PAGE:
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240hz using the scanout speed of 480hz?

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240hz using the scanout speed of 480hz?

Postby andrelip » 12 Feb 2019, 08:44

After I saw Chief talking about the Quick Frame Transport (QFT) from Vesa 2.1 and how it is available today I tried to do a few tests and was able to achieve 576p using the scanout speed of 480hz (by setting 480hz at CRu and then fixing the pixel clock and raising the vertical total until I reach 1201).

Here are the results (Alienware AW2518hf):

The default 576p @ 240hz:
https://www.youtube.com/watch?v=fAiAaNqw7ig

The 576p @ 240hz with VT 1201 (scanout speed of 480hz freq):
https://www.youtube.com/watch?v=EFBP6LFrDJs

Macbook Pro 2017 @ 60hz for reference:
https://www.youtube.com/watch?v=mYToT70hNHg

The video starts and ends at normal speed and then slows down to 960fps in the middle.
What is strange is that at the default the image seems perfectly static at naked eyes while the image at VT 1201 is flickering ultra-fast. In fact I thought the javascript was bugged before I tried to record and thats is perceptible at the start of each video befere the slowmotion kicks in.

Could someone explains this effect and verify if it the scanout is really twice as fast?
andrelip
 
Posts: 34
Joined: 21 Mar 2014, 17:50

Re: 240hz using the scanout speed of 480hz?

Postby Chief Blur Buster » 13 Feb 2019, 14:04

That's pretty neat, 2ms quick frame transport of a refresh cycle!

(See Quick Frame Transport FAQ for speeding up HDMI/DisplayPort cable delivery of individual refresh cycles, via Large Vertical Totals)

From the high speed videos, it does seem that the panel scanout is lagging behind (taking more than 2ms). However, if the monitor is beginning scanout earlier because refresh cycles got delivered quicker - then, yes, it will reduce input lag even if the panel scan sweep isn't faster. Unfortunately, testing this will require something like a modified mouse LED (e.g. like the high speed video of GSYNC monitor, etc).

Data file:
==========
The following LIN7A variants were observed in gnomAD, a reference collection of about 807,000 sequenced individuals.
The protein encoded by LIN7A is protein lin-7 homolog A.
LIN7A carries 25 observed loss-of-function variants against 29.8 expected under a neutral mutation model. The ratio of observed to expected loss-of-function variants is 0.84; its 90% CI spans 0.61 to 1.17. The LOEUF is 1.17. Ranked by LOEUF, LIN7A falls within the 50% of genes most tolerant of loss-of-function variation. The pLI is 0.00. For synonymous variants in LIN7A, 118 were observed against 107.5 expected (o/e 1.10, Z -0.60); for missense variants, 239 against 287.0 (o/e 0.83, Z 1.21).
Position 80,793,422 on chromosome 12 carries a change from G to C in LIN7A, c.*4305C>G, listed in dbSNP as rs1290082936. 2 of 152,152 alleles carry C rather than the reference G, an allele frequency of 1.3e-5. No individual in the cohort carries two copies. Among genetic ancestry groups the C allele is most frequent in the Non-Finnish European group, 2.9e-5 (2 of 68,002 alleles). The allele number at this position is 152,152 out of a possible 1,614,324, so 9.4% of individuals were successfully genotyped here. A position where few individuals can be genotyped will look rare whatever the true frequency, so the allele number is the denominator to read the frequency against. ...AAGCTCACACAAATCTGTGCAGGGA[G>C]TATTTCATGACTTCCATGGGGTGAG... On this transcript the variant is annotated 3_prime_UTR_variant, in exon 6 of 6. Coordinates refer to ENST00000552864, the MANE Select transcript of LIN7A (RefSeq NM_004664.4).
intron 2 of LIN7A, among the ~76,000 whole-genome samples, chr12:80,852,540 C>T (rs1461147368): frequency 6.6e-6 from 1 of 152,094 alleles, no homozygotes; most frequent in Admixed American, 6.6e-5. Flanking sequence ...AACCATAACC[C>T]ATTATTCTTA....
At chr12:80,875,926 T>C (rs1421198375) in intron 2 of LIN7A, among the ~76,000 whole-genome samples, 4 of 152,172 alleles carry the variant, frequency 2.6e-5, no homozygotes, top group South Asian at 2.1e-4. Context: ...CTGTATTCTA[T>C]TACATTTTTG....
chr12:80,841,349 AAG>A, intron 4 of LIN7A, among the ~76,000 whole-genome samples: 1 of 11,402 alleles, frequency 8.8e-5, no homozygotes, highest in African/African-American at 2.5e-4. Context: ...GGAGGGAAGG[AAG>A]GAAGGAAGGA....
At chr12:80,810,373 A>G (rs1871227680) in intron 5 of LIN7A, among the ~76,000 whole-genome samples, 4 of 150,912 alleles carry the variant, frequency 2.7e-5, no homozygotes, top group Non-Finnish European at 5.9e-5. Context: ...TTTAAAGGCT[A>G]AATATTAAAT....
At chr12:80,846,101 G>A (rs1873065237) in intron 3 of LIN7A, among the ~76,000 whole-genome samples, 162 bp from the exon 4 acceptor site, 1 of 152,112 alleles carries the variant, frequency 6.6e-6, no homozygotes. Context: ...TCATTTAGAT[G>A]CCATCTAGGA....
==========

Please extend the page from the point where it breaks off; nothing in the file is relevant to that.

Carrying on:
To better take advantage of this, don't forget to use RTSS Scanline Sync to synchronize to end-of-VBI rather than beginning-of-VBI. Basically very small negative indexes -- where the tearline position is calibrated closer to right above the top edge of the screen, than closer to right below the bottom edge of the screen. This will reduce your VSYNC ON input lag, helped via the lag reduction of your homebrew Quick Frame Transport (QFT).

<TECH SIDENOTE FOR SOFTWARE DEVELOPERSS>
With ultralarge blanking intervals (faster transmits of frames + longer pauses between frames) -- Microsoft's default Present() unblocks at the end of a refresh at beginning of VBI. Which is not the correct way to reduce VSYNC ON lag for many games that begins the next input read immediately after the Present() unblock. You want the GPU drivers to unblock a Present() near the end of the VBI instead.
</TECH SIDENOTE FOR SOFTWARE DEVELOPERS>
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Re: 240hz using the scanout speed of 480hz?

Postby andrelip » 14 Feb 2019, 18:10

I was actually able to reach the scanout of 560hz using 640x480. Do you think it is best to use the s-sync over the VRR when you have large v-blank? Same answer for vrr with vsync on/off?

Here is the test:
https://www.youtube.com/watch?v=tZpAitvfAHE

I do not have the LED so I used the humanbenchmark to compare with myself (I know that it's very imprecise and depends on a lot of physiologic variables but given enough trials it should stochastically point the input lag). Notice how easy it is to average 160-170 ms.

Image
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